Help Privacy Policy Disclaimer
  Advanced SearchBrowse




Journal Article

Transcriptional networks controlling plant development

There are no MPG-Authors in the publication available
External Resource
No external resources are shared
Fulltext (restricted access)
There are currently no full texts shared for your IP range.
Fulltext (public)
There are no public fulltexts stored in PuRe
Supplementary Material (public)
There is no public supplementary material available

Benfey, P., & Weigel, D. (2001). Transcriptional networks controlling plant development. Plant Physiology, 125(1), 109-111. doi:10.1104/pp.125.1.109.

Cite as: https://hdl.handle.net/21.11116/0000-000B-6D4B-8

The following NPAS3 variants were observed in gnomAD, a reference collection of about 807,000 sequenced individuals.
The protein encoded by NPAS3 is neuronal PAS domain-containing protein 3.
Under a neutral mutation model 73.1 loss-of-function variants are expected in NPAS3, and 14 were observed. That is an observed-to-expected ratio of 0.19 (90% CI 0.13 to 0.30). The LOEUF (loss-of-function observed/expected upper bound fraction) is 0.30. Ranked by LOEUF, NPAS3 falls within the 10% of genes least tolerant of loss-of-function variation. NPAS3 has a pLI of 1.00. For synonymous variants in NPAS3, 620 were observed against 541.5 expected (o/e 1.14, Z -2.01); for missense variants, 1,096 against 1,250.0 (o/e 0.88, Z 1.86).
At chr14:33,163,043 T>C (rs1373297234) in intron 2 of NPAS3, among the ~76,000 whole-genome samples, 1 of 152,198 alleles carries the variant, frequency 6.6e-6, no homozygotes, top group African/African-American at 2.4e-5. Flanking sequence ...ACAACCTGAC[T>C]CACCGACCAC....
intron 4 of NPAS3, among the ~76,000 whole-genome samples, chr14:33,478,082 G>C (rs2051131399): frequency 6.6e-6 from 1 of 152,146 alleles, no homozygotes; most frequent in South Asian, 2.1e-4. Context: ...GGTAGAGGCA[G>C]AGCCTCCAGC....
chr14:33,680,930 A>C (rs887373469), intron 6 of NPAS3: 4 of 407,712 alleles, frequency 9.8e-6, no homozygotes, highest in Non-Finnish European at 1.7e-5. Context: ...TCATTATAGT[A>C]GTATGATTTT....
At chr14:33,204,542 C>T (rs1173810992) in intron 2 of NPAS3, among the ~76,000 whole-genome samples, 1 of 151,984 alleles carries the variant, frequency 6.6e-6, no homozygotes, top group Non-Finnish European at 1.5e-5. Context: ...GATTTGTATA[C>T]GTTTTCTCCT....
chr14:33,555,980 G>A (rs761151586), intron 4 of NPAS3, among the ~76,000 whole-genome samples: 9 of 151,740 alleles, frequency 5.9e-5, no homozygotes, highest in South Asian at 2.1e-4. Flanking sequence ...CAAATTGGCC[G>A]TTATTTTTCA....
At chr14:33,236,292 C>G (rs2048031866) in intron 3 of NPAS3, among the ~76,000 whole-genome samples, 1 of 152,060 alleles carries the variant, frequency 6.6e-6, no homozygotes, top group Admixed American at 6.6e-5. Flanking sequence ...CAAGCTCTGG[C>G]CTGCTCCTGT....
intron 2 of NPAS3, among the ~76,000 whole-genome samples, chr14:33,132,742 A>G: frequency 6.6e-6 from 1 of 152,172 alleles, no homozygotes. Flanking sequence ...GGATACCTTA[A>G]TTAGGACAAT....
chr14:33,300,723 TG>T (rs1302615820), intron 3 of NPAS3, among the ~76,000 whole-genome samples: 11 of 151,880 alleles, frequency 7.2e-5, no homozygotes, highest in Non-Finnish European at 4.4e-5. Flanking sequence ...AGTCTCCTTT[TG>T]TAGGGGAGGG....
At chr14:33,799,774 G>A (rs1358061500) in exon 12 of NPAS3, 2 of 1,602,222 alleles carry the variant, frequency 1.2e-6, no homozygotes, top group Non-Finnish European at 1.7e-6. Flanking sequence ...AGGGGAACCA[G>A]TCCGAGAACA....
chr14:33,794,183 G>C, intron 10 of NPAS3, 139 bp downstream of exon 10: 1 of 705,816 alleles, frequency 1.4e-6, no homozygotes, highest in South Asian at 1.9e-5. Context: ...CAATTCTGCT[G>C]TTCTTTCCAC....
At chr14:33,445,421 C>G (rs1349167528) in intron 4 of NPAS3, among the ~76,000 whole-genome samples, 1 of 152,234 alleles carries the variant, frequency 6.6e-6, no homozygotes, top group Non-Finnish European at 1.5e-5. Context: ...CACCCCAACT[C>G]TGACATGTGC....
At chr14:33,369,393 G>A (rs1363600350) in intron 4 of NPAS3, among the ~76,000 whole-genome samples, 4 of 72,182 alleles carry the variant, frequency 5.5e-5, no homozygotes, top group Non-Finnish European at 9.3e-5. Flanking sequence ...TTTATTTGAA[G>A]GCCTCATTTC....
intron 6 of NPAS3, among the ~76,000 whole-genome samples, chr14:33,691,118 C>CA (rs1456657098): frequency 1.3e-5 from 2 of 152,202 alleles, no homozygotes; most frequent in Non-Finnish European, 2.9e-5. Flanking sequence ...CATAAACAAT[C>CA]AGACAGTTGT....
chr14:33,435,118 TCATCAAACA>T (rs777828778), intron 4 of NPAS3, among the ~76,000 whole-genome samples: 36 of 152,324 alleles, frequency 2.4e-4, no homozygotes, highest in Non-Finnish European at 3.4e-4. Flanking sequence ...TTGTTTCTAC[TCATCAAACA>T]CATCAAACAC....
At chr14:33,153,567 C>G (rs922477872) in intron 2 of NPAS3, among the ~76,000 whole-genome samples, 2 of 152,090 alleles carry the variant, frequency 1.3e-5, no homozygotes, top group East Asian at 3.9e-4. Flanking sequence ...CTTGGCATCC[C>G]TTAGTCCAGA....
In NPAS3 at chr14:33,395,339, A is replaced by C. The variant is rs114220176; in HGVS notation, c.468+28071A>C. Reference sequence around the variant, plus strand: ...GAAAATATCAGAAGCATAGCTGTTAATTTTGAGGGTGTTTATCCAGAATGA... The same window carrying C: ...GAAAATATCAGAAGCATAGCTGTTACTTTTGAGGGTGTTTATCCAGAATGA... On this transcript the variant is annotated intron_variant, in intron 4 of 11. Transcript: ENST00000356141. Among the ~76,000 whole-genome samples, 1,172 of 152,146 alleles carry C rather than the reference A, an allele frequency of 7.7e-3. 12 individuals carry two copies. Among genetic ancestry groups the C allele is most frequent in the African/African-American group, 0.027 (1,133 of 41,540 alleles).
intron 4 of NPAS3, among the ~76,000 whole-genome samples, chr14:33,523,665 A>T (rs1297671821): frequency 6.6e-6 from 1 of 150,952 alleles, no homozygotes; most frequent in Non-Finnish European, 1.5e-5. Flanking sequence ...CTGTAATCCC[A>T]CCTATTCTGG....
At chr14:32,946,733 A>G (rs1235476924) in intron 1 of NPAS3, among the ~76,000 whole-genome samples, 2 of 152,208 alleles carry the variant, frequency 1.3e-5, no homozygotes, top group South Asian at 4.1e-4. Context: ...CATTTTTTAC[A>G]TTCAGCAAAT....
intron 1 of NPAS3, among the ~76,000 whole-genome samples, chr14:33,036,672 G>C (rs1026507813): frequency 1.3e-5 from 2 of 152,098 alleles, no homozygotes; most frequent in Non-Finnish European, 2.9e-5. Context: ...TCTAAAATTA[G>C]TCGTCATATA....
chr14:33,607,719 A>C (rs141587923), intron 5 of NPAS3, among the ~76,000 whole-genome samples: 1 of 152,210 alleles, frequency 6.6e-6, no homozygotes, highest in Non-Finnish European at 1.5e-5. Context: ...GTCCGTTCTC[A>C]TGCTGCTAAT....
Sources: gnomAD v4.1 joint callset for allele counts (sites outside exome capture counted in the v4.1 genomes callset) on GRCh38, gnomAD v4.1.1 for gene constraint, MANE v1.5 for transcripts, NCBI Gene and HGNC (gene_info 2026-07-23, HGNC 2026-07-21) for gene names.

The rise of developmental biology to the fore of modern biology can be traced back to the efforts of three people: Ed Lewis, Christiane Nüsslein-Volhard, and Eric Wieschaus. Lewis had been studying the homeotic Bithorax gene complex in fruitfly (Drosophila melanogaster) for several decades and came to the conclusion that the genes in this complex control body pattern along the anterior-posterior axis (7). This seminal insight, published in 1978, was followed 2 years later by another landmark publication in which Nüsslein-Volhard and Wieschaus described the results of a mutant screen from which they had isolated several classes of mutations that affected specific elements of the larval body pattern (14). Previous to this work it was generally believed that most developmental regulators would control a wide spectrum of activities, and that disrupting their function would lead to pleiotropic phenotypes that would be very difficult to interpret. With the development of recombinant DNA techniques around the same time, it took only a few years until many of the genes identified by Lewis, Nüsslein-Volhard, and Wieschaus could be studied at the molecular level. One of the first lessons was that many of the early acting genes encode transcription factors that are part of a network of regulatory interactions. For example, the maternal morphogen BICOID, a homeodomain protein, activates the zygotic gap geneHUNCHBACK, which encodes a zinc finger factor. Gap proteins, which are expressed in broad domains, in turn regulate pair rule genes, which are expressed in periodic stripes. Gap and pair rule proteins are required for region-specific expression of homeotic genes such asULTRABITHORAX and ANTENNAPEDIA, founding members of the homeobox family of transcriptional regulators. In addition to hierarchical interactions, there are also many cross-regulatory and autoregulatory interactions among gap, pair-rule, and homeotic genes. It is intriguing that although much has been learned about the regulation of the regulators, the question of how homeotic proteins subsequently specify position-dependent elaboration of different organs has largely remained a mystery.